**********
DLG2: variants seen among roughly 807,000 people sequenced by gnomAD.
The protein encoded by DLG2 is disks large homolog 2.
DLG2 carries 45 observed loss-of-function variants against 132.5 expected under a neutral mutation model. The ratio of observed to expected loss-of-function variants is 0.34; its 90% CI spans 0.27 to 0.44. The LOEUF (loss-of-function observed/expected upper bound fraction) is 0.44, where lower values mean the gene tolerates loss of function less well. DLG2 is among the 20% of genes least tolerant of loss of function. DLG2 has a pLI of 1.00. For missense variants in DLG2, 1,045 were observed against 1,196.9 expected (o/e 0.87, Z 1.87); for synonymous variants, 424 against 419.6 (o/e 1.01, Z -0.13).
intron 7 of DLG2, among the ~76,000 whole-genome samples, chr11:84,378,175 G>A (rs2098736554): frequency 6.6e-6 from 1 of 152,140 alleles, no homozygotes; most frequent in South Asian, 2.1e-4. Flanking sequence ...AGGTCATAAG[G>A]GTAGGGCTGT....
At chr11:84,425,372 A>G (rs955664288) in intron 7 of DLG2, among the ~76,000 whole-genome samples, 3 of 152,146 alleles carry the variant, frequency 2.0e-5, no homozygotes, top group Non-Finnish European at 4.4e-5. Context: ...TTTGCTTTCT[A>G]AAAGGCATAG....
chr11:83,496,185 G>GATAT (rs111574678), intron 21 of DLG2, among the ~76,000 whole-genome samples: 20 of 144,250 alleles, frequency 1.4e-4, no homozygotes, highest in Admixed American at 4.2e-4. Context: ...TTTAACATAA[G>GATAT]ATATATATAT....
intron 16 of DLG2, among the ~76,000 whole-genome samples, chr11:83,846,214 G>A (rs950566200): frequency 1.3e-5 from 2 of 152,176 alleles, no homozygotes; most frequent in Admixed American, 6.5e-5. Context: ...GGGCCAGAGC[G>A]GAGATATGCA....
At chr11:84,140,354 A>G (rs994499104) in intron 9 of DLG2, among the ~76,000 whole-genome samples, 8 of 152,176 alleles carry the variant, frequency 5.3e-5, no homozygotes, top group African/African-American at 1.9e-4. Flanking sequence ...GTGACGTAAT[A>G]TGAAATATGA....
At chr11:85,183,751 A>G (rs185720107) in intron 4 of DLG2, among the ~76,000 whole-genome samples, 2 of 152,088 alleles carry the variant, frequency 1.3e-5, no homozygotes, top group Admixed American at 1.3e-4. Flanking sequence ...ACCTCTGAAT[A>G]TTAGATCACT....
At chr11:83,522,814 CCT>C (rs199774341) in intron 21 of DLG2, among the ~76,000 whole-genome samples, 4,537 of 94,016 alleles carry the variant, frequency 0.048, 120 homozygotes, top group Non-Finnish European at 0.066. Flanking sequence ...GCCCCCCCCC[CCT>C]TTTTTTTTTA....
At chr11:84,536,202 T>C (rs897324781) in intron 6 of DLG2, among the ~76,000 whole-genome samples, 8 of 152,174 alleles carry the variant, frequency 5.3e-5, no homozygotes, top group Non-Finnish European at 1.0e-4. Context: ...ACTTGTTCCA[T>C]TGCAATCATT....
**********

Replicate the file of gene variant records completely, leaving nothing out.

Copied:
DLG2: variants seen among roughly 807,000 people sequenced by gnomAD.
The protein encoded by DLG2 is disks large homolog 2.
DLG2 carries 45 observed loss-of-function variants against 132.5 expected under a neutral mutation model. The ratio of observed to expected loss-of-function variants is 0.34; its 90% CI spans 0.27 to 0.44. The LOEUF (loss-of-function observed/expected upper bound fraction) is 0.44, where lower values mean the gene tolerates loss of function less well. DLG2 is among the 20% of genes least tolerant of loss of function. DLG2 has a pLI of 1.00. For missense variants in DLG2, 1,045 were observed against 1,196.9 expected (o/e 0.87, Z 1.87); for synonymous variants, 424 against 419.6 (o/e 1.01, Z -0.13).
intron 7 of DLG2, among the ~76,000 whole-genome samples, chr11:84,378,175 G>A (rs2098736554): frequency 6.6e-6 from 1 of 152,140 alleles, no homozygotes; most frequent in South Asian, 2.1e-4. Flanking sequence ...AGGTCATAAG[G>A]GTAGGGCTGT....
At chr11:84,425,372 A>G (rs955664288) in intron 7 of DLG2, among the ~76,000 whole-genome samples, 3 of 152,146 alleles carry the variant, frequency 2.0e-5, no homozygotes, top group Non-Finnish European at 4.4e-5. Context: ...TTTGCTTTCT[A>G]AAAGGCATAG....
chr11:83,496,185 G>GATAT (rs111574678), intron 21 of DLG2, among the ~76,000 whole-genome samples: 20 of 144,250 alleles, frequency 1.4e-4, no homozygotes, highest in Admixed American at 4.2e-4. Context: ...TTTAACATAA[G>GATAT]ATATATATAT....
intron 16 of DLG2, among the ~76,000 whole-genome samples, chr11:83,846,214 G>A (rs950566200): frequency 1.3e-5 from 2 of 152,176 alleles, no homozygotes; most frequent in Admixed American, 6.5e-5. Context: ...GGGCCAGAGC[G>A]GAGATATGCA....
At chr11:84,140,354 A>G (rs994499104) in intron 9 of DLG2, among the ~76,000 whole-genome samples, 8 of 152,176 alleles carry the variant, frequency 5.3e-5, no homozygotes, top group African/African-American at 1.9e-4. Flanking sequence ...GTGACGTAAT[A>G]TGAAATATGA....
At chr11:85,183,751 A>G (rs185720107) in intron 4 of DLG2, among the ~76,000 whole-genome samples, 2 of 152,088 alleles carry the variant, frequency 1.3e-5, no homozygotes, top group Admixed American at 1.3e-4. Flanking sequence ...ACCTCTGAAT[A>G]TTAGATCACT....
At chr11:83,522,814 CCT>C (rs199774341) in intron 21 of DLG2, among the ~76,000 whole-genome samples, 4,537 of 94,016 alleles carry the variant, frequency 0.048, 120 homozygotes, top group Non-Finnish European at 0.066. Flanking sequence ...GCCCCCCCCC[CCT>C]TTTTTTTTTA....
At chr11:84,536,202 T>C (rs897324781) in intron 6 of DLG2, among the ~76,000 whole-genome samples, 8 of 152,174 alleles carry the variant, frequency 5.3e-5, no homozygotes, top group Non-Finnish European at 1.0e-4. Context: ...ACTTGTTCCA[T>C]TGCAATCATT....